Sort of inspired by the very funky film fan Drama Llama and her Alphabetical Movie Meme, I wanted to create something that reflected my website a bit and could be just as easily adapted by others. I came up with an acrostic of my site name linking it with an explanation of my favourite TV show with that letter. So feel free to take on the challenge yourself, either with TV shows, or films, albums, singers, celebrities, recipes, cities or whatever else suits your blog.
A is for Arrested Development An example
An incredible show that is pretty much close to perfection. Never receiving the commercial appeal to push it beyond a cult delight, it nevertheless pushes the boundaries of comedy like all the greats do. Narrated by Ron Howard who is almost a character in himself, the show about the feuding Bleuth family is littered with satirical, sibling and romantic twists that merit being seen countless times.
L is for The Larry Sanders Show
This was probably the easiest choice of them all. An astonishing show, so far ahead of its time. With comedians like Larry David and Ricky Gervais having shows regularly featuring celebrities playing a semi-fictionalised version of themselves, it’s worth remembering how much the 89 episodes about an egocentric host, ambitious sidekick and manipulative producer, helped inspire them. Even without its visionary element, it’s observations on office politics, are just astonishingly perceptive.
E is for Everybody Loves Raymond An example
I know it’s more cuddly than cutting, but I’ve always had a soft spot for Everybody Loves Raymond. It covers the hilariously awkward relationship we as adults have with our parents. And just how much of a disaster it would be if we were happily married but they lived opposite the road and were always coming over uninvited.
X is for The X-Files
With most detective shows there’s normally a killer, a motive and a method. The X-Files blew that concept out of the water and seemingly created a new genre. The tales of two FBI agents, once cynical, one believing, investigating the paranormal world soon captured everyone’s imagination. I was hooked immediately. It ran on for too many episodes, but that can’t dilute just how fascinating it was for so long.
R is for The Racoons
For someone born and bred in London, seeing The Raccoons brought our the dreamer in me. Set outdoors in the Canadian Rockies with all the freedom to roam around, it was a really playful and adventurous cartoon that always made me smile.
A is for Alfred Hitchcock Presents
I’ve always been a big fan of short stories, so a show presented and closed by the ‘Master of Suspense’ was always going to grab my attention. With short stories adapted by literary greats of the genre including Ray Bradbury, John Collier, Fredric Brown and Henry Slesar, the show was consistently riveting and full of morbid twists.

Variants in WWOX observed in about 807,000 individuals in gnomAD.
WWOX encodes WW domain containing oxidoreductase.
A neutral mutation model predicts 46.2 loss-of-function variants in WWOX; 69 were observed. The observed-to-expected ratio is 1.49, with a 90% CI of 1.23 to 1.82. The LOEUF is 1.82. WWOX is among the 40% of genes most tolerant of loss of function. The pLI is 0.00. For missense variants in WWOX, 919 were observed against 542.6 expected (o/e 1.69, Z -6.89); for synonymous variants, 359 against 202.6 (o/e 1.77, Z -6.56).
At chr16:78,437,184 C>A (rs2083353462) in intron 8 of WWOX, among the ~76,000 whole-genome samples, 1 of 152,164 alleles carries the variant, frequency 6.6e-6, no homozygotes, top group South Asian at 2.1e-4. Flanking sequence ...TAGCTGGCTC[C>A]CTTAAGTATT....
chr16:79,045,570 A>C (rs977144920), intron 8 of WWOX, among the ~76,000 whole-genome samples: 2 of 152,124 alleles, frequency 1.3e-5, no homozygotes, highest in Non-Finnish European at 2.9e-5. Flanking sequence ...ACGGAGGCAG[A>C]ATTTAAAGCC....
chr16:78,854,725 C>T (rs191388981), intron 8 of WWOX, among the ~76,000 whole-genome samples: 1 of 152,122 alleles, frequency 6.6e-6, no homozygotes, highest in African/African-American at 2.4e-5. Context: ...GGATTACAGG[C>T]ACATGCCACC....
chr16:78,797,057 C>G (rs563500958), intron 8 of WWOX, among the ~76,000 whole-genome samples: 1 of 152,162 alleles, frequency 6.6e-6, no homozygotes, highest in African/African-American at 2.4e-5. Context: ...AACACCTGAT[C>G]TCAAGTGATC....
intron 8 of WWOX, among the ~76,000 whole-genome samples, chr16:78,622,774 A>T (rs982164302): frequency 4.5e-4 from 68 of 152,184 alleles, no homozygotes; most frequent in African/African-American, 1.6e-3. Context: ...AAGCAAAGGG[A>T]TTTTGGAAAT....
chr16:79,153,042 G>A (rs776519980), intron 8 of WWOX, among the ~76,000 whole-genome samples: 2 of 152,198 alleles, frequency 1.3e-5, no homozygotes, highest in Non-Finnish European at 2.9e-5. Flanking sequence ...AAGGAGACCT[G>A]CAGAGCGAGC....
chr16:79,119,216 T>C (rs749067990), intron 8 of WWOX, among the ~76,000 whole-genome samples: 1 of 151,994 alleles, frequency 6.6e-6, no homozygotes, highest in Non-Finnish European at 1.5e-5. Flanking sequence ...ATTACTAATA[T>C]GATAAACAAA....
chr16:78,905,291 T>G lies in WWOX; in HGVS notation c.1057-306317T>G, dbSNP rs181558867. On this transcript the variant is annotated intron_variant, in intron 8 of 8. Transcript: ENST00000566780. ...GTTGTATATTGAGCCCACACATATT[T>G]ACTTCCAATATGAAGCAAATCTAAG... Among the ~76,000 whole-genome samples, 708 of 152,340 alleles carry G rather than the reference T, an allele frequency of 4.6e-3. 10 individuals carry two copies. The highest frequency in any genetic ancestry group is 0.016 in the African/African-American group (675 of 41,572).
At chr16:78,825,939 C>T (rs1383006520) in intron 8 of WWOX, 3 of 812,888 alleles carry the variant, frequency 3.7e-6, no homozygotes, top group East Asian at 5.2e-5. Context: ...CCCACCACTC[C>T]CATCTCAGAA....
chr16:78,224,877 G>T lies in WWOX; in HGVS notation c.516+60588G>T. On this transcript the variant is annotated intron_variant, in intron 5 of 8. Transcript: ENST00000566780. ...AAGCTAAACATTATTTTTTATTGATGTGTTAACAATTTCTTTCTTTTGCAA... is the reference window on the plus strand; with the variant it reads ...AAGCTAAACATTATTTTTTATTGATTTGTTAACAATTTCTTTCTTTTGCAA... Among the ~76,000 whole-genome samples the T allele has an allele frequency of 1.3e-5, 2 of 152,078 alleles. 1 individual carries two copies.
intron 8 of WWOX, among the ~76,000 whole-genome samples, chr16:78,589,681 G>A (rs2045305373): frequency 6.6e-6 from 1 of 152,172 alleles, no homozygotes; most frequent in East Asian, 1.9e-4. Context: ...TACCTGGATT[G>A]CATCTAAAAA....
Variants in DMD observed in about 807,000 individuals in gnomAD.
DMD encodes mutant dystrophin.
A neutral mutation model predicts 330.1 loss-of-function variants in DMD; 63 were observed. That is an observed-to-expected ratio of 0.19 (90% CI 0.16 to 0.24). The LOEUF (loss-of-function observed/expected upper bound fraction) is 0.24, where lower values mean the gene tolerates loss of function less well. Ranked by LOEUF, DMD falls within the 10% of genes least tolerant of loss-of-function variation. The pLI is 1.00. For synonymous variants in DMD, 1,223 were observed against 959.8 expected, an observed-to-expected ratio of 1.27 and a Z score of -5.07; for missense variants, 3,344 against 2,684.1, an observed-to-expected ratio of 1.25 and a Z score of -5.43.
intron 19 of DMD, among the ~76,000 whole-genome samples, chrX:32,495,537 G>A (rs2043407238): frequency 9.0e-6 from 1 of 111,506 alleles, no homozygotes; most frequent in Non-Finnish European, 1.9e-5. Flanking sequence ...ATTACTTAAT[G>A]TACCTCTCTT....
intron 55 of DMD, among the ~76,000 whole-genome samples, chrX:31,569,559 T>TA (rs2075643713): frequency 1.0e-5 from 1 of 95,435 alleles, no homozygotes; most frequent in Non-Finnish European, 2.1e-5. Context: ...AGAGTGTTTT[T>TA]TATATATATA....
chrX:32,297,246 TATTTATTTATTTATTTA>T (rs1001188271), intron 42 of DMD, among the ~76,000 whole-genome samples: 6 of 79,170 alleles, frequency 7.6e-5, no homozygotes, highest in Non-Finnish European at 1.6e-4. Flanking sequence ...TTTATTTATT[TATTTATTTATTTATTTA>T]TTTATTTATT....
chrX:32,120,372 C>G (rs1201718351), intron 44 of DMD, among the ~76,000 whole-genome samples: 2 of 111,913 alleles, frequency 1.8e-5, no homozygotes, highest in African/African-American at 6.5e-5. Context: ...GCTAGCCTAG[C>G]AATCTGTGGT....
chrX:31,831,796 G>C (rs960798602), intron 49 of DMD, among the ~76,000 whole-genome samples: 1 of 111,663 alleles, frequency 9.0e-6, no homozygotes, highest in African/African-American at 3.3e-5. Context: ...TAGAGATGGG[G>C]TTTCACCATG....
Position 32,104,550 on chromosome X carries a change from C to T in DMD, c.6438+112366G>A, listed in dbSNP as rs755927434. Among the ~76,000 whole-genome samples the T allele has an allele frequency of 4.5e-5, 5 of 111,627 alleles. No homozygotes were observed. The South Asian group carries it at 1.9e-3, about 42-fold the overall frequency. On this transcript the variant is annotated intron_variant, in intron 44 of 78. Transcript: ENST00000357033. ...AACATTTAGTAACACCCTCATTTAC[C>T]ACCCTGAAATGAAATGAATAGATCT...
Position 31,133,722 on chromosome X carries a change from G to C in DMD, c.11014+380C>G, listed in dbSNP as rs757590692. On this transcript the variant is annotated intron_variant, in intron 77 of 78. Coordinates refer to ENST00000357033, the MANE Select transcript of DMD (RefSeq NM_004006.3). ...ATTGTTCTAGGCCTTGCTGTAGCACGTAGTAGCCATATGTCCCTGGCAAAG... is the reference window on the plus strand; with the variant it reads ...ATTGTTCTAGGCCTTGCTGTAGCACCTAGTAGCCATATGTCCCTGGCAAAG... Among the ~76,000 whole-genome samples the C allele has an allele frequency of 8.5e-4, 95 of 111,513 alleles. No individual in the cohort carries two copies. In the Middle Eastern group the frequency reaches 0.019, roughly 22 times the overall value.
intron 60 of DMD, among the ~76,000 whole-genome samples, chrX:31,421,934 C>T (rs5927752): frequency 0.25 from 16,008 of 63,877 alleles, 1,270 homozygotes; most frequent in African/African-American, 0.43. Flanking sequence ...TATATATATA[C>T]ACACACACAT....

P is for Perfect World An example
Not the best known of comedies by any means, but the adventures of Bob Sleigh and his long suffering colleagues made me laugh more than any other show. Running for only two series, the energy of each episode was incredible, as the workshy Sleigh would find himself in a problem, but be able to ingeniously find a solution by the end.
H is for House of Cards
I know there is a recent remake with Kevin Spacey, but it would be more than difficult to improve upon the British original. Ian Richardson’s sinister portrayal of the scheming Francis Urquhart was perfect in the political drama about a man desperate to do anything to force himself into Downing Street.
A is for Arrow
It’s only up to the second series, but I’m glued to the exploits of Oliver Queen and his secret life as the Arrow vigilante. Desperate to save the city he loves so much, Queen makes full use of the combat skills he learnt while kept captive on a hidden island. What I find particularly clever is the double story of his current life mixing with the flashbacks of his time that helped make him who he is.
E is for ER
There are countless medical dramas now, but ER was astonishingly ahead of its time and showed just what a show set in a hospital could achieve. It allowed you to get to know the characters really well to show not just the pressure they were under, how no two days were ever the same and the wide range of communication skills they needed. The first 7 or 8 series are as good as any drama I’ve seen.
L is for Law and Order A Detailed Explanation
Running for 20 years, Law and Order is the longest ever running crime drama and I’ve seen pretty much every episode. The nature of the show meant you got to see the detective and the legal side, enabling a great set of detailed stories filled with all kinds of twists. It never shied away from the gritty side of city life and ugly loopholes in the justice system.